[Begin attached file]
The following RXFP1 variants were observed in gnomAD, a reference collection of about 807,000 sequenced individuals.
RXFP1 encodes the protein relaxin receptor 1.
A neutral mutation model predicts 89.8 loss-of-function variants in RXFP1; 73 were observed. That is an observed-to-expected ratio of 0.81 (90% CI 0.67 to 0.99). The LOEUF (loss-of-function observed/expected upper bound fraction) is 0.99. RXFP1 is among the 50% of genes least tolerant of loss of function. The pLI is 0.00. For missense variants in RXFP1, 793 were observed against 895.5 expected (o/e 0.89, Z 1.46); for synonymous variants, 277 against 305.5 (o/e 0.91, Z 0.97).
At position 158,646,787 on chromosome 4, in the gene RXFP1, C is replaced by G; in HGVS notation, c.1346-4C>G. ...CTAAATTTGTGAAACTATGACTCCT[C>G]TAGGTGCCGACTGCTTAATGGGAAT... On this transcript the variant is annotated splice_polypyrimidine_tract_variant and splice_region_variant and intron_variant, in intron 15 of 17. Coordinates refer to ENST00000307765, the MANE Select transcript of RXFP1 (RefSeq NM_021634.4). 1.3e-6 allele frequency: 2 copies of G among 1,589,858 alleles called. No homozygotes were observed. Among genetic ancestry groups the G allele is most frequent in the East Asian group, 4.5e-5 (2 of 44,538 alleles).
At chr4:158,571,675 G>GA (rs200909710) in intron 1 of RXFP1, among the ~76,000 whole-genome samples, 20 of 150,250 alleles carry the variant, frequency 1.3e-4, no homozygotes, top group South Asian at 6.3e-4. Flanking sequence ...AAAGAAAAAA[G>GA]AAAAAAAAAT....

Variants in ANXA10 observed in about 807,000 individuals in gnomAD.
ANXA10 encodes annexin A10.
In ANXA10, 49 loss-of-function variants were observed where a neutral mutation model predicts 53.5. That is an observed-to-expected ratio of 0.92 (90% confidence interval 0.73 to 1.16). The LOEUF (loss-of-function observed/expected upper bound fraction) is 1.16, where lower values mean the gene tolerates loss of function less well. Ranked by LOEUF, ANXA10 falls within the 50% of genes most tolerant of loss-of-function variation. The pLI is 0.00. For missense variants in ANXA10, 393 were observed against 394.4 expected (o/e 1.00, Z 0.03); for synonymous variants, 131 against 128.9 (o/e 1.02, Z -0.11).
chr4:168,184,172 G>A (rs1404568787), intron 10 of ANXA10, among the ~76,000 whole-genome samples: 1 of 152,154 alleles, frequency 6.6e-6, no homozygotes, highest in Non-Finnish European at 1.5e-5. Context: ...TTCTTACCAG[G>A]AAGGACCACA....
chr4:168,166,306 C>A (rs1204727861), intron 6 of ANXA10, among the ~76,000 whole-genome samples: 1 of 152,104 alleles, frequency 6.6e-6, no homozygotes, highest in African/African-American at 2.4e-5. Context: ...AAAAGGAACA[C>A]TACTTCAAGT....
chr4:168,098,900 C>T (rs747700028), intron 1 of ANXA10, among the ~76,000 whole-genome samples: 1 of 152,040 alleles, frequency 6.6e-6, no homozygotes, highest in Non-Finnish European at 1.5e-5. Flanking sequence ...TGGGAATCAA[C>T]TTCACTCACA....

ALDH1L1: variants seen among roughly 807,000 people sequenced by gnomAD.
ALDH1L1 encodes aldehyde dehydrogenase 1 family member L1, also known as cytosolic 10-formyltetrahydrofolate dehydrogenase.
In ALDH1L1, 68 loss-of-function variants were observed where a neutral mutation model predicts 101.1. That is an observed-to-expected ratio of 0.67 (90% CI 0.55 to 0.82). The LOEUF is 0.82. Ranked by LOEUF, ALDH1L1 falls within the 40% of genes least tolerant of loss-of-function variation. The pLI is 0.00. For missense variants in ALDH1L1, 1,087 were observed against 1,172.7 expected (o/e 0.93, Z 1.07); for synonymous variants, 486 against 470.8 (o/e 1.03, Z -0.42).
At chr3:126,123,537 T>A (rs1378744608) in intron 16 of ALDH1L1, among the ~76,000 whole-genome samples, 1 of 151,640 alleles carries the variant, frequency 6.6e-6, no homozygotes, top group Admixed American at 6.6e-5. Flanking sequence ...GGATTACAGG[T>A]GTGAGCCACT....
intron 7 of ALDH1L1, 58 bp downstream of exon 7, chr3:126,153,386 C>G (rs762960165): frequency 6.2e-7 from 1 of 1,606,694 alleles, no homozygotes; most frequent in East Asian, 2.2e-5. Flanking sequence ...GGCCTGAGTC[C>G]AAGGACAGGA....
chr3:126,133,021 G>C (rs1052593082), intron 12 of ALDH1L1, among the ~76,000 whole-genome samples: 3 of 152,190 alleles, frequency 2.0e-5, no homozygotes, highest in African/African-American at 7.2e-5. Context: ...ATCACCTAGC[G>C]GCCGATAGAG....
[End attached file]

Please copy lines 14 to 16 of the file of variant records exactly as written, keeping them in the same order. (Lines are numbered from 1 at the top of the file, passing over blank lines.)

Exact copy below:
In ALDH1L1, 68 loss-of-function variants were observed where a neutral mutation model predicts 101.1. That is an observed-to-expected ratio of 0.67 (90% CI 0.55 to 0.82). The LOEUF is 0.82. Ranked by LOEUF, ALDH1L1 falls within the 40% of genes least tolerant of loss-of-function variation. The pLI is 0.00. For missense variants in ALDH1L1, 1,087 were observed against 1,172.7 expected (o/e 0.93, Z 1.07); for synonymous variants, 486 against 470.8 (o/e 1.03, Z -0.42).
At chr3:126,123,537 T>A (rs1378744608) in intron 16 of ALDH1L1, among the ~76,000 whole-genome samples, 1 of 151,640 alleles carries the variant, frequency 6.6e-6, no homozygotes, top group Admixed American at 6.6e-5. Flanking sequence ...GGATTACAGG[T>A]GTGAGCCACT....
intron 7 of ALDH1L1, 58 bp downstream of exon 7, chr3:126,153,386 C>G (rs762960165): frequency 6.2e-7 from 1 of 1,606,694 alleles, no homozygotes; most frequent in East Asian, 2.2e-5. Flanking sequence ...GGCCTGAGTC[C>G]AAGGACAGGA....